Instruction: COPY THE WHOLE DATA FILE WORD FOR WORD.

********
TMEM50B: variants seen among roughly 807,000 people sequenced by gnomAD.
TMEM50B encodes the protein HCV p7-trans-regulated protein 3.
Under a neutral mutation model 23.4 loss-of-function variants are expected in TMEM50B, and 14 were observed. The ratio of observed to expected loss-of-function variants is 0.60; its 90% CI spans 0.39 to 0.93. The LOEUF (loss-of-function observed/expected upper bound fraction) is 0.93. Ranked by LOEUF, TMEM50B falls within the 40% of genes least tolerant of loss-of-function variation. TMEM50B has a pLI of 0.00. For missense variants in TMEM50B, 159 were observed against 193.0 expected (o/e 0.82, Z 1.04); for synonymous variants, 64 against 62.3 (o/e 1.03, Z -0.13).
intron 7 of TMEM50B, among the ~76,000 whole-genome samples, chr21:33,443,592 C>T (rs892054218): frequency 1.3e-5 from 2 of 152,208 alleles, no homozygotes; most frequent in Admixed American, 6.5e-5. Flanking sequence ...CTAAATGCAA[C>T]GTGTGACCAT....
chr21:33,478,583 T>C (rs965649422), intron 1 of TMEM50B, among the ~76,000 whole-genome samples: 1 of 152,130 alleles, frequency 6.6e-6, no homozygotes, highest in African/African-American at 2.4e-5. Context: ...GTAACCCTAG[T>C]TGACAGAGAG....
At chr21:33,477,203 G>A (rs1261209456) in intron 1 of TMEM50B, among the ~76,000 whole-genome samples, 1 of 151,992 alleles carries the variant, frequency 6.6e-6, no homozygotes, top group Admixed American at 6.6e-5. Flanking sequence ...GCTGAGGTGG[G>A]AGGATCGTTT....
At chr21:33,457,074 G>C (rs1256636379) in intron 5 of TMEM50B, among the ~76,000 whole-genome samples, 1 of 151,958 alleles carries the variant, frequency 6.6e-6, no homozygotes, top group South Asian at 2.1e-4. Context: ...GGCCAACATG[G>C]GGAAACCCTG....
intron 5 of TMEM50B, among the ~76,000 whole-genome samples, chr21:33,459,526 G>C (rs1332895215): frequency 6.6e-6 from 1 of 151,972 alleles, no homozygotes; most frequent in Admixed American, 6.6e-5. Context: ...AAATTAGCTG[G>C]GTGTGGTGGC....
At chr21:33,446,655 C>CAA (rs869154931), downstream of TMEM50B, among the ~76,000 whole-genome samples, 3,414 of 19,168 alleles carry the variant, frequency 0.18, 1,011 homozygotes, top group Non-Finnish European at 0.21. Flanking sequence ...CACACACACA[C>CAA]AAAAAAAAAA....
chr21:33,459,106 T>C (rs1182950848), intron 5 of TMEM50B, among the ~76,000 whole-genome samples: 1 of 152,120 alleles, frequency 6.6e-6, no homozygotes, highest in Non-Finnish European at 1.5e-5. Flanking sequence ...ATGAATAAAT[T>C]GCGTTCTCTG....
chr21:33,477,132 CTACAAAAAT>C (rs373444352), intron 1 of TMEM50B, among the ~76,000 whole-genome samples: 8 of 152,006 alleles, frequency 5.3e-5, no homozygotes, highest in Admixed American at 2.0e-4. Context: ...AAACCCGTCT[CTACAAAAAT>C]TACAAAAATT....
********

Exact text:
TMEM50B: variants seen among roughly 807,000 people sequenced by gnomAD.
TMEM50B encodes the protein HCV p7-trans-regulated protein 3.
Under a neutral mutation model 23.4 loss-of-function variants are expected in TMEM50B, and 14 were observed. The ratio of observed to expected loss-of-function variants is 0.60; its 90% CI spans 0.39 to 0.93. The LOEUF (loss-of-function observed/expected upper bound fraction) is 0.93. Ranked by LOEUF, TMEM50B falls within the 40% of genes least tolerant of loss-of-function variation. TMEM50B has a pLI of 0.00. For missense variants in TMEM50B, 159 were observed against 193.0 expected (o/e 0.82, Z 1.04); for synonymous variants, 64 against 62.3 (o/e 1.03, Z -0.13).
intron 7 of TMEM50B, among the ~76,000 whole-genome samples, chr21:33,443,592 C>T (rs892054218): frequency 1.3e-5 from 2 of 152,208 alleles, no homozygotes; most frequent in Admixed American, 6.5e-5. Flanking sequence ...CTAAATGCAA[C>T]GTGTGACCAT....
chr21:33,478,583 T>C (rs965649422), intron 1 of TMEM50B, among the ~76,000 whole-genome samples: 1 of 152,130 alleles, frequency 6.6e-6, no homozygotes, highest in African/African-American at 2.4e-5. Context: ...GTAACCCTAG[T>C]TGACAGAGAG....
At chr21:33,477,203 G>A (rs1261209456) in intron 1 of TMEM50B, among the ~76,000 whole-genome samples, 1 of 151,992 alleles carries the variant, frequency 6.6e-6, no homozygotes, top group Admixed American at 6.6e-5. Flanking sequence ...GCTGAGGTGG[G>A]AGGATCGTTT....
At chr21:33,457,074 G>C (rs1256636379) in intron 5 of TMEM50B, among the ~76,000 whole-genome samples, 1 of 151,958 alleles carries the variant, frequency 6.6e-6, no homozygotes, top group South Asian at 2.1e-4. Context: ...GGCCAACATG[G>C]GGAAACCCTG....
intron 5 of TMEM50B, among the ~76,000 whole-genome samples, chr21:33,459,526 G>C (rs1332895215): frequency 6.6e-6 from 1 of 151,972 alleles, no homozygotes; most frequent in Admixed American, 6.6e-5. Context: ...AAATTAGCTG[G>C]GTGTGGTGGC....
At chr21:33,446,655 C>CAA (rs869154931), downstream of TMEM50B, among the ~76,000 whole-genome samples, 3,414 of 19,168 alleles carry the variant, frequency 0.18, 1,011 homozygotes, top group Non-Finnish European at 0.21. Flanking sequence ...CACACACACA[C>CAA]AAAAAAAAAA....
chr21:33,459,106 T>C (rs1182950848), intron 5 of TMEM50B, among the ~76,000 whole-genome samples: 1 of 152,120 alleles, frequency 6.6e-6, no homozygotes, highest in Non-Finnish European at 1.5e-5. Flanking sequence ...ATGAATAAAT[T>C]GCGTTCTCTG....
chr21:33,477,132 CTACAAAAAT>C (rs373444352), intron 1 of TMEM50B, among the ~76,000 whole-genome samples: 8 of 152,006 alleles, frequency 5.3e-5, no homozygotes, highest in Admixed American at 2.0e-4. Context: ...AAACCCGTCT[CTACAAAAAT>C]TACAAAAATT....